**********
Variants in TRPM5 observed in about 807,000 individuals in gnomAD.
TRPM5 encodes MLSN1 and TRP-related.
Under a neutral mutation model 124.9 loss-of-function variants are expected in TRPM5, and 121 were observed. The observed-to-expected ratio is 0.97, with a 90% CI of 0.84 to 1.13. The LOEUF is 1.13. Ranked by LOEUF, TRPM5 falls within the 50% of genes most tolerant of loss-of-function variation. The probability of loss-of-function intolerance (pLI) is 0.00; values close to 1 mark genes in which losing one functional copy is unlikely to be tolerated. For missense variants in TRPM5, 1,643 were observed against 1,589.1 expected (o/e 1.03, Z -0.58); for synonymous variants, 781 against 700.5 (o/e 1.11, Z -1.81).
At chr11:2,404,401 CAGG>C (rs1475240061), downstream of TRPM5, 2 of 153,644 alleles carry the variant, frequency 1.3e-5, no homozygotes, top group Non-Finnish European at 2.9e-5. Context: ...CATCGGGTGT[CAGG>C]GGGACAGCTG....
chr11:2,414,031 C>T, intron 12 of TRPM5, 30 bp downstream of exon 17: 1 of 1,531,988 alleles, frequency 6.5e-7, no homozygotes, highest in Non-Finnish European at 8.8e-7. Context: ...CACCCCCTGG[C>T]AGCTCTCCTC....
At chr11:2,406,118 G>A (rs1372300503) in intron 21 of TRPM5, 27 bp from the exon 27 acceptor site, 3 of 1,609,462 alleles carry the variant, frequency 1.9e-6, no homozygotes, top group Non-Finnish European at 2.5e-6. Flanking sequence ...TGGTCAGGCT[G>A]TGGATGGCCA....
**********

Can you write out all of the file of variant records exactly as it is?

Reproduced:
Variants in TRPM5 observed in about 807,000 individuals in gnomAD.
TRPM5 encodes MLSN1 and TRP-related.
Under a neutral mutation model 124.9 loss-of-function variants are expected in TRPM5, and 121 were observed. The observed-to-expected ratio is 0.97, with a 90% CI of 0.84 to 1.13. The LOEUF is 1.13. Ranked by LOEUF, TRPM5 falls within the 50% of genes most tolerant of loss-of-function variation. The probability of loss-of-function intolerance (pLI) is 0.00; values close to 1 mark genes in which losing one functional copy is unlikely to be tolerated. For missense variants in TRPM5, 1,643 were observed against 1,589.1 expected (o/e 1.03, Z -0.58); for synonymous variants, 781 against 700.5 (o/e 1.11, Z -1.81).
At chr11:2,404,401 CAGG>C (rs1475240061), downstream of TRPM5, 2 of 153,644 alleles carry the variant, frequency 1.3e-5, no homozygotes, top group Non-Finnish European at 2.9e-5. Context: ...CATCGGGTGT[CAGG>C]GGGACAGCTG....
chr11:2,414,031 C>T, intron 12 of TRPM5, 30 bp downstream of exon 17: 1 of 1,531,988 alleles, frequency 6.5e-7, no homozygotes, highest in Non-Finnish European at 8.8e-7. Context: ...CACCCCCTGG[C>T]AGCTCTCCTC....
At chr11:2,406,118 G>A (rs1372300503) in intron 21 of TRPM5, 27 bp from the exon 27 acceptor site, 3 of 1,609,462 alleles carry the variant, frequency 1.9e-6, no homozygotes, top group Non-Finnish European at 2.5e-6. Flanking sequence ...TGGTCAGGCT[G>A]TGGATGGCCA....